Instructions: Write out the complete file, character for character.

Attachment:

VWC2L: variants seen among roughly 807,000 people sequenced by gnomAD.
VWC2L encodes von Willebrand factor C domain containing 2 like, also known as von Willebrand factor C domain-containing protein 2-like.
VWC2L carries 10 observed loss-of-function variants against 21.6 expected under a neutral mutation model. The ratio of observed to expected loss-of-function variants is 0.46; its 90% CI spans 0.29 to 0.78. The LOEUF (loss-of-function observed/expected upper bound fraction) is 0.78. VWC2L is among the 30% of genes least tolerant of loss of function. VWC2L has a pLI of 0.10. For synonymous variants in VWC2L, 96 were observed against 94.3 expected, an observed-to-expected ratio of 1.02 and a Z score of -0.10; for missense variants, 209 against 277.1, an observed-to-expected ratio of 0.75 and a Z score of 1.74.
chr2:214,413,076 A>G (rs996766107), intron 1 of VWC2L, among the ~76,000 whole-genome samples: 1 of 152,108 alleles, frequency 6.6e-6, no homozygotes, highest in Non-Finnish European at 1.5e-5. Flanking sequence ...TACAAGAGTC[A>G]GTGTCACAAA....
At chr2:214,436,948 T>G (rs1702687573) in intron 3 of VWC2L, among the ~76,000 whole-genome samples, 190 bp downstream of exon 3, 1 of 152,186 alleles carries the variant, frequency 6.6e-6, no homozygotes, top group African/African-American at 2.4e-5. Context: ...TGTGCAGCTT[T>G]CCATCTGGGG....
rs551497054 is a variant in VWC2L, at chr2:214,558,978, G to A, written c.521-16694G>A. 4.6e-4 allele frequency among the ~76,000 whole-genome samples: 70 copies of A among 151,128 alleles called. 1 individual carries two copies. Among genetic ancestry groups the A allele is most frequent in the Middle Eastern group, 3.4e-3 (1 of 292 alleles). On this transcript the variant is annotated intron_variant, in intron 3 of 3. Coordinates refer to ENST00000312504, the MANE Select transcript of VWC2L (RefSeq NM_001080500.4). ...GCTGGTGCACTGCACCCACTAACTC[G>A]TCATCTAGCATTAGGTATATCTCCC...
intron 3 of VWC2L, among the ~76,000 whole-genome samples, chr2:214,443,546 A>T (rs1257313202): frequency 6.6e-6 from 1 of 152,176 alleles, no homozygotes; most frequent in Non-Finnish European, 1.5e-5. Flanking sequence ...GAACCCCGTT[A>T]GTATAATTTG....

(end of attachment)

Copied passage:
VWC2L: variants seen among roughly 807,000 people sequenced by gnomAD.
VWC2L encodes von Willebrand factor C domain containing 2 like, also known as von Willebrand factor C domain-containing protein 2-like.
VWC2L carries 10 observed loss-of-function variants against 21.6 expected under a neutral mutation model. The ratio of observed to expected loss-of-function variants is 0.46; its 90% CI spans 0.29 to 0.78. The LOEUF (loss-of-function observed/expected upper bound fraction) is 0.78. VWC2L is among the 30% of genes least tolerant of loss of function. VWC2L has a pLI of 0.10. For synonymous variants in VWC2L, 96 were observed against 94.3 expected, an observed-to-expected ratio of 1.02 and a Z score of -0.10; for missense variants, 209 against 277.1, an observed-to-expected ratio of 0.75 and a Z score of 1.74.
chr2:214,413,076 A>G (rs996766107), intron 1 of VWC2L, among the ~76,000 whole-genome samples: 1 of 152,108 alleles, frequency 6.6e-6, no homozygotes, highest in Non-Finnish European at 1.5e-5. Flanking sequence ...TACAAGAGTC[A>G]GTGTCACAAA....
At chr2:214,436,948 T>G (rs1702687573) in intron 3 of VWC2L, among the ~76,000 whole-genome samples, 190 bp downstream of exon 3, 1 of 152,186 alleles carries the variant, frequency 6.6e-6, no homozygotes, top group African/African-American at 2.4e-5. Context: ...TGTGCAGCTT[T>G]CCATCTGGGG....
rs551497054 is a variant in VWC2L, at chr2:214,558,978, G to A, written c.521-16694G>A. 4.6e-4 allele frequency among the ~76,000 whole-genome samples: 70 copies of A among 151,128 alleles called. 1 individual carries two copies. Among genetic ancestry groups the A allele is most frequent in the Middle Eastern group, 3.4e-3 (1 of 292 alleles). On this transcript the variant is annotated intron_variant, in intron 3 of 3. Coordinates refer to ENST00000312504, the MANE Select transcript of VWC2L (RefSeq NM_001080500.4). ...GCTGGTGCACTGCACCCACTAACTC[G>A]TCATCTAGCATTAGGTATATCTCCC...
intron 3 of VWC2L, among the ~76,000 whole-genome samples, chr2:214,443,546 A>T (rs1257313202): frequency 6.6e-6 from 1 of 152,176 alleles, no homozygotes; most frequent in Non-Finnish European, 1.5e-5. Flanking sequence ...GAACCCCGTT[A>T]GTATAATTTG....